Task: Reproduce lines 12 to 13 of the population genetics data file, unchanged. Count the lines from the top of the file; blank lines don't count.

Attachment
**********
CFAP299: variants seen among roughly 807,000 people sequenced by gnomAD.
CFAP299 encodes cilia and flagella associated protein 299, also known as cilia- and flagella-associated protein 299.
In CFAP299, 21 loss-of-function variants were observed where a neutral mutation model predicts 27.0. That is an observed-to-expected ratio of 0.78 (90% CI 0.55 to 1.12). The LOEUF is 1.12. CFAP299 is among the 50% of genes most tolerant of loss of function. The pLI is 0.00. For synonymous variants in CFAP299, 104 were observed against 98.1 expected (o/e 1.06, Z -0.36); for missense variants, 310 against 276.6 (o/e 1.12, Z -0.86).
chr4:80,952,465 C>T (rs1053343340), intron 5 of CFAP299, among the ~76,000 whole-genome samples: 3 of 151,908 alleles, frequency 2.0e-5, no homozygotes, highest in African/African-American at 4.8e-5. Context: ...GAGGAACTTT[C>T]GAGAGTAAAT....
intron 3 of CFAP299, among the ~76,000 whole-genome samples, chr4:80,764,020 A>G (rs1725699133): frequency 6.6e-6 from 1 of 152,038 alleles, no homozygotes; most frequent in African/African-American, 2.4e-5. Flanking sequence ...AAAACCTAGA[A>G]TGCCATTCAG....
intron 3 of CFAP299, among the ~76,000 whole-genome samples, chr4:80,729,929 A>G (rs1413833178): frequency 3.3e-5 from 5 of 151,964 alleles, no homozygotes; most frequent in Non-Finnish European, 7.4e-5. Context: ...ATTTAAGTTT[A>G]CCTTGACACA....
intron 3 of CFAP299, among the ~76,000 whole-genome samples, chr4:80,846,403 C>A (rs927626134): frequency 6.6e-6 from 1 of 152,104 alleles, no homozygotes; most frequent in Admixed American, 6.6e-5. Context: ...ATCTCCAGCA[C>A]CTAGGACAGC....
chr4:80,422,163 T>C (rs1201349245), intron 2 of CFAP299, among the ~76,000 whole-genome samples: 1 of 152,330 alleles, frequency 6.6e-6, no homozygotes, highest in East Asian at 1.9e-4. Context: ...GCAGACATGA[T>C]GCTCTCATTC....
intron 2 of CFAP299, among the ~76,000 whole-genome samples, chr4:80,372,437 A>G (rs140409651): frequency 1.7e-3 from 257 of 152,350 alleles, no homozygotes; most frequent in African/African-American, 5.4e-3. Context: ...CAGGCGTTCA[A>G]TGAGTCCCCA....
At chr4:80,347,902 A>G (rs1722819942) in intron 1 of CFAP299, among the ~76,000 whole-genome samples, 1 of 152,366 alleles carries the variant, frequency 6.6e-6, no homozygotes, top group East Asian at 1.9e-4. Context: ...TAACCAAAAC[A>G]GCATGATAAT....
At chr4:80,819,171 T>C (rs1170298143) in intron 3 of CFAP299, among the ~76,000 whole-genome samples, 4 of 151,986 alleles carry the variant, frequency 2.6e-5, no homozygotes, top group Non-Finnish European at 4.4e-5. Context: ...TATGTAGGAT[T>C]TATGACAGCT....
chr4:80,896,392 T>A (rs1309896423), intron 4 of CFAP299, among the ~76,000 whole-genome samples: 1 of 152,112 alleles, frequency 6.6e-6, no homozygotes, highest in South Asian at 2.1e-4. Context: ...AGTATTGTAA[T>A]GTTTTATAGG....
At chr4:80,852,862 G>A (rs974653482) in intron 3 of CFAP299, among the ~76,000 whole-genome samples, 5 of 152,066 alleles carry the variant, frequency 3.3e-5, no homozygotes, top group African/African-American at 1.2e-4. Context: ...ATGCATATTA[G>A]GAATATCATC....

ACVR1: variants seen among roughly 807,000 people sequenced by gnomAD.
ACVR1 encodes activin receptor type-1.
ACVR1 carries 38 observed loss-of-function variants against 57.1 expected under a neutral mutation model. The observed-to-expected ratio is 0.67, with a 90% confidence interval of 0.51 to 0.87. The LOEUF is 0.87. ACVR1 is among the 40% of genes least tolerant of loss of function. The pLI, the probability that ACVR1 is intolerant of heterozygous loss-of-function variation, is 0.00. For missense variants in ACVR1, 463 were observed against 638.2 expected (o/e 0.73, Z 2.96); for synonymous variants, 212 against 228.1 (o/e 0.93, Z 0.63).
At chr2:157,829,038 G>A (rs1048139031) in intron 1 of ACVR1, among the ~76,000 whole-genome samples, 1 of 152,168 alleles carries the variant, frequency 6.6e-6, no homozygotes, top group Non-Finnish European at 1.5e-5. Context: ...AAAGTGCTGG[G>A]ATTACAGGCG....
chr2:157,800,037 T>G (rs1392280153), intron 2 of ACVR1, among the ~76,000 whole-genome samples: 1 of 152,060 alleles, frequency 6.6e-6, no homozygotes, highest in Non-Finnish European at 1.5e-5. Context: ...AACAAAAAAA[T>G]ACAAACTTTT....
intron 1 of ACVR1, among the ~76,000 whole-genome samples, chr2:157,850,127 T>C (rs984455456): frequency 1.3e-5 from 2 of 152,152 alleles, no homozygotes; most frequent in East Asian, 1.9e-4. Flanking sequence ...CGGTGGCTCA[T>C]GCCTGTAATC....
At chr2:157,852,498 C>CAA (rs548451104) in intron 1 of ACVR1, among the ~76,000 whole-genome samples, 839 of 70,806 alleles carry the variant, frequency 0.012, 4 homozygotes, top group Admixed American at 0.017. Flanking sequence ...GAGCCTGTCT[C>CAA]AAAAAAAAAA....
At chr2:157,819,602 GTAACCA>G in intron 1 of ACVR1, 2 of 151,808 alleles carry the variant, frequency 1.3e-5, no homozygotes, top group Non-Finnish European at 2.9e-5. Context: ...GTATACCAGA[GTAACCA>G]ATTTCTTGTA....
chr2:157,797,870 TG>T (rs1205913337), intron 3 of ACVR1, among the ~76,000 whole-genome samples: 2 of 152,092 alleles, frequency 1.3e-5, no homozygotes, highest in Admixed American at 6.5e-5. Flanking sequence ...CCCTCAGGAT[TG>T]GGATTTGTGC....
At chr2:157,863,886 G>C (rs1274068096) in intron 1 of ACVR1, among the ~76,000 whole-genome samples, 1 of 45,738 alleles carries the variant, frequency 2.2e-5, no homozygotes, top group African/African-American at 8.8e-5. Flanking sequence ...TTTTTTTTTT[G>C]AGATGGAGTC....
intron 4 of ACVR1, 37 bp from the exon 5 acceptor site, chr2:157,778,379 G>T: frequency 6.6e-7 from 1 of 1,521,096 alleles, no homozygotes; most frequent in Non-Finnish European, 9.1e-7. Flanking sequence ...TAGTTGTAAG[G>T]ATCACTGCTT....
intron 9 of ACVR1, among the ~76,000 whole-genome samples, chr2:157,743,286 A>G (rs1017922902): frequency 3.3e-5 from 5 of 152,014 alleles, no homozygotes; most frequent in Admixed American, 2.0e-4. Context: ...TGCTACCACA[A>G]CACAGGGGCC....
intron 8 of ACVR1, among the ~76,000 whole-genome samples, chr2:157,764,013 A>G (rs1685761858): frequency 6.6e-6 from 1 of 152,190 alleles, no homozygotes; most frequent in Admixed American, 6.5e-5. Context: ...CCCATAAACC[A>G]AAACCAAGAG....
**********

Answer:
chr4:80,896,392 T>A (rs1309896423), intron 4 of CFAP299, among the ~76,000 whole-genome samples: 1 of 152,112 alleles, frequency 6.6e-6, no homozygotes, highest in South Asian at 2.1e-4. Context: ...AGTATTGTAA[T>A]GTTTTATAGG....
At chr4:80,852,862 G>A (rs974653482) in intron 3 of CFAP299, among the ~76,000 whole-genome samples, 5 of 152,066 alleles carry the variant, frequency 3.3e-5, no homozygotes, top group African/African-American at 1.2e-4. Context: ...ATGCATATTA[G>A]GAATATCATC....